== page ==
Social and Emotional Learning Ends Systemic Racism
It has been shown that children from disadvantaged backgrounds have weaker Social and Emotional Learning skills. Getting into college and having a successful career all depend on how well these skills are inculcated.
Here are the 5 types of Social and Emotional Learning skills:
- Self-awareness skills – This set of skills involves a child’s ability to become aware of their emotions and cultural assets. Developing a sense of belonging to their African culture is of the utmost importance.
- Self-management skills – These are perhaps the most important college and career-oriented skills that the Social and Emotional Learning framework provides. They revolve around managing one’s emotions, learning how to manage one’s stress levels, as well as making use of organizational and planning skills in order to cultivate emotional and mental resilience.
- Social awareness skills – The children learn how to identify cultural and social norms and learn how to distinguish between fair and unfair norms They learn how to be empathetic with others and how to recognize their strengths. Most important of all, our youth learns how systemic racism works and how to identify it in others’ behaviors and mindsets.
- Relationship skills – Our youth learns how to nurture healthy, long-lasting relationships with others. They are encouraged to collaborate, communicate their concerns, and have the ability to resolve conflicts by using conflict resolution skills.
- Responsible decision-making skills – At both an individual and institutional level, responsible decision-making skills stand out the most as yet another empathetic outlook at how one should behave in society. By making the right decisions for oneself and for others, the current social norms will be preserved while the ethical standards will continue to thrive. The child learns how to look out for others as well as for their own mental and emotional wellbeing.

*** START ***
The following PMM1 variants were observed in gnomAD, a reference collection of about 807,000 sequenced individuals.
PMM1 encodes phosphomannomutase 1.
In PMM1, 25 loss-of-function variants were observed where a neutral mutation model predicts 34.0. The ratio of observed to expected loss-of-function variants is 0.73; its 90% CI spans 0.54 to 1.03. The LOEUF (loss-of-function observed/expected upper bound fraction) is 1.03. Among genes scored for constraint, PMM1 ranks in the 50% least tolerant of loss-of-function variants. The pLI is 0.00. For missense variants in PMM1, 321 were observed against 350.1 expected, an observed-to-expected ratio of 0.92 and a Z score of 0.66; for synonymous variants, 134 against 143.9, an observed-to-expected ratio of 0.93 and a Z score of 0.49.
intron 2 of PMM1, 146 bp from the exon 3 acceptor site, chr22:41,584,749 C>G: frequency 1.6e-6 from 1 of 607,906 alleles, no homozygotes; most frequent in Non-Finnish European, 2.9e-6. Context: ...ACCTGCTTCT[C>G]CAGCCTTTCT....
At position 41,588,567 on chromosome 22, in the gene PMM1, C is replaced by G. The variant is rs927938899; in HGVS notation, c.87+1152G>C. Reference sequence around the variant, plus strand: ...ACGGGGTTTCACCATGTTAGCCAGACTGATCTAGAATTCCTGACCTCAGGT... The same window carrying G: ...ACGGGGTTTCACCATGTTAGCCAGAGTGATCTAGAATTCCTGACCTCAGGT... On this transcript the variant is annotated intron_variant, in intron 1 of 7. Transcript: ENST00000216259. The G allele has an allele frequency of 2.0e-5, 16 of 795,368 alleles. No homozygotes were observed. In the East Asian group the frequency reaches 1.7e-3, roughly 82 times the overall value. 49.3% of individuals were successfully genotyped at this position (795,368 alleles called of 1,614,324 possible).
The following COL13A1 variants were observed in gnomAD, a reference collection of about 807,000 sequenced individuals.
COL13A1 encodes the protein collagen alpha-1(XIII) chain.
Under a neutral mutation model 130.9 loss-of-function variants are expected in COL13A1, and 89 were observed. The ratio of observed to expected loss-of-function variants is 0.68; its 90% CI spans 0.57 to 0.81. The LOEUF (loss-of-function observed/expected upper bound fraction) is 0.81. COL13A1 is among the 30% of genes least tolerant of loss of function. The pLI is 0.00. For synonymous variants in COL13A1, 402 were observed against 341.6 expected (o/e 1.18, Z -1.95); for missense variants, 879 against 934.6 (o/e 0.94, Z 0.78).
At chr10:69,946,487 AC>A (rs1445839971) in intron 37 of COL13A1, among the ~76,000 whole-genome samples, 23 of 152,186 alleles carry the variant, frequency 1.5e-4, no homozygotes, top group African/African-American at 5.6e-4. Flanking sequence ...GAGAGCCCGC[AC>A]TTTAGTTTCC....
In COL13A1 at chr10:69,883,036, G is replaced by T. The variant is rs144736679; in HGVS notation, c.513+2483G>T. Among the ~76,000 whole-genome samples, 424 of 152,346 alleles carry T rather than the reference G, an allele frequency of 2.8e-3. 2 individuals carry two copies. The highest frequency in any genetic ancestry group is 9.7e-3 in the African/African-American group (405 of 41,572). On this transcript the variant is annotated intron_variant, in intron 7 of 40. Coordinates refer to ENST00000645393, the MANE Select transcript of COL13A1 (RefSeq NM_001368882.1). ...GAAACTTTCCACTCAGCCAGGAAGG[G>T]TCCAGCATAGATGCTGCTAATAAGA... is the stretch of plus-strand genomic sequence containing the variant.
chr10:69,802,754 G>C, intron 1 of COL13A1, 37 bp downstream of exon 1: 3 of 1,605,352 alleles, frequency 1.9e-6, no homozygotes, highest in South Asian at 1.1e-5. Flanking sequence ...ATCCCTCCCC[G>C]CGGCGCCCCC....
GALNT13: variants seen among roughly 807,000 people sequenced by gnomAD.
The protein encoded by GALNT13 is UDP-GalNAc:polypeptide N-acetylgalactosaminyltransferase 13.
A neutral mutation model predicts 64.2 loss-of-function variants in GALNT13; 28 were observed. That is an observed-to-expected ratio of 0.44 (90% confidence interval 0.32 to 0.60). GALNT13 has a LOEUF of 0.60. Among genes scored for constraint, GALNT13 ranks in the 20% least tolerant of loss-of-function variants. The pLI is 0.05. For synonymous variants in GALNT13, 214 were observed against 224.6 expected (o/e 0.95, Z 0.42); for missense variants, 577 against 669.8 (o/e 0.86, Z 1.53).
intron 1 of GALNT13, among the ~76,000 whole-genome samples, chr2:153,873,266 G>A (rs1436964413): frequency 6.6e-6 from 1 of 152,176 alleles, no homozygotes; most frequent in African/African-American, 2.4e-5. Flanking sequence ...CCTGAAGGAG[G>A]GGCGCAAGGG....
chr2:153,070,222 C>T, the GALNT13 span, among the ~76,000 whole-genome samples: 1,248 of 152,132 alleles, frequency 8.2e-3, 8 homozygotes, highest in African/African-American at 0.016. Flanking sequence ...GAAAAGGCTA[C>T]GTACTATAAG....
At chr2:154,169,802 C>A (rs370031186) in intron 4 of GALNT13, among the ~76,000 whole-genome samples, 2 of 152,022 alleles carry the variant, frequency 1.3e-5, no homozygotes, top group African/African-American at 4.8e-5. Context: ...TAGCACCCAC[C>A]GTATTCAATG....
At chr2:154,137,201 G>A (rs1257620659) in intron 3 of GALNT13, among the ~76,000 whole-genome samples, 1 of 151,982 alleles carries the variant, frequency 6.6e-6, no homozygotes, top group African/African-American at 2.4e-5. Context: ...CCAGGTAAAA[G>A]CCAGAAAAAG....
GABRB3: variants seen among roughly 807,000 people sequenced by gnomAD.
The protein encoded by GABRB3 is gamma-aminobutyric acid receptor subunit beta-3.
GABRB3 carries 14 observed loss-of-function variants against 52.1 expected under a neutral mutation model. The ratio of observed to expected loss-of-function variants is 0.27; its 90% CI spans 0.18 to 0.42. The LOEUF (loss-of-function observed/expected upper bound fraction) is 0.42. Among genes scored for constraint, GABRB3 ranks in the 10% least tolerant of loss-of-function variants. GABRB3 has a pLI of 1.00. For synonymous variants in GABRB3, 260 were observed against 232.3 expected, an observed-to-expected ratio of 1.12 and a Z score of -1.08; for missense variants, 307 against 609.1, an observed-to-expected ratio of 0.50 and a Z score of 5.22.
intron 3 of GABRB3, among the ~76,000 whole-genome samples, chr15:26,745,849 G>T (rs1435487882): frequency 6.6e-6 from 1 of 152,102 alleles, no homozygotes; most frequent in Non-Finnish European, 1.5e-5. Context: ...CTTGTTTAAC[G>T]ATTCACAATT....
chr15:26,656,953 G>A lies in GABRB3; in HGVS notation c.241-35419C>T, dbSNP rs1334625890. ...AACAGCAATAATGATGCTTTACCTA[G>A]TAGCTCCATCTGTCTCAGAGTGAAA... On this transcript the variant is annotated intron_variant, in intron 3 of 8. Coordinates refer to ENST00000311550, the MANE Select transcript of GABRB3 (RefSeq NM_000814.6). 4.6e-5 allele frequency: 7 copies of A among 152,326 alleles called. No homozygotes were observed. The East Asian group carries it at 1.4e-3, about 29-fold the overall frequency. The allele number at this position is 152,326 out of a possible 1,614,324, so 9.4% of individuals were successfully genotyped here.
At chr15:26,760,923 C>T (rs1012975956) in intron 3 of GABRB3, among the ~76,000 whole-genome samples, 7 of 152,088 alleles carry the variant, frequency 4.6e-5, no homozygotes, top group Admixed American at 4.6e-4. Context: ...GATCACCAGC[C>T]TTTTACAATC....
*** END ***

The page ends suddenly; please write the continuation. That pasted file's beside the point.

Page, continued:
Our youth is in dire need of learning and using these skills. Without them, systemic racism will certainly continue to affect the lives of many.
Does Social and Emotional Learning (SEL) Promote Educational Equity?
It most certainly does. This framework not only helps our children build social and emotional skills, but also helps them to identify the damaging effects of systemic racism. In a country where most institutions perpetuate racial biases, it’s important to look for solutions.
Until all schools decide to implement this framework, we strongly suggest that you seek out culturally affirming after-school activities. Their efforts to improve student achievement and empower both parents and children via family engagement activities are unparalleled.
The Village Method is more than a regular after-school program. Above all, we value youth development, family engagement, and community outreach programming.
Our main mission is to bring our youth closer to their dreams while familiarizing them with their strong African roots, culture, and traditions. We make use of the Social and Emotional Learning framework as a way to nurture the whole child.
Get involved today and help us build a village of joyful children, parents, and educators!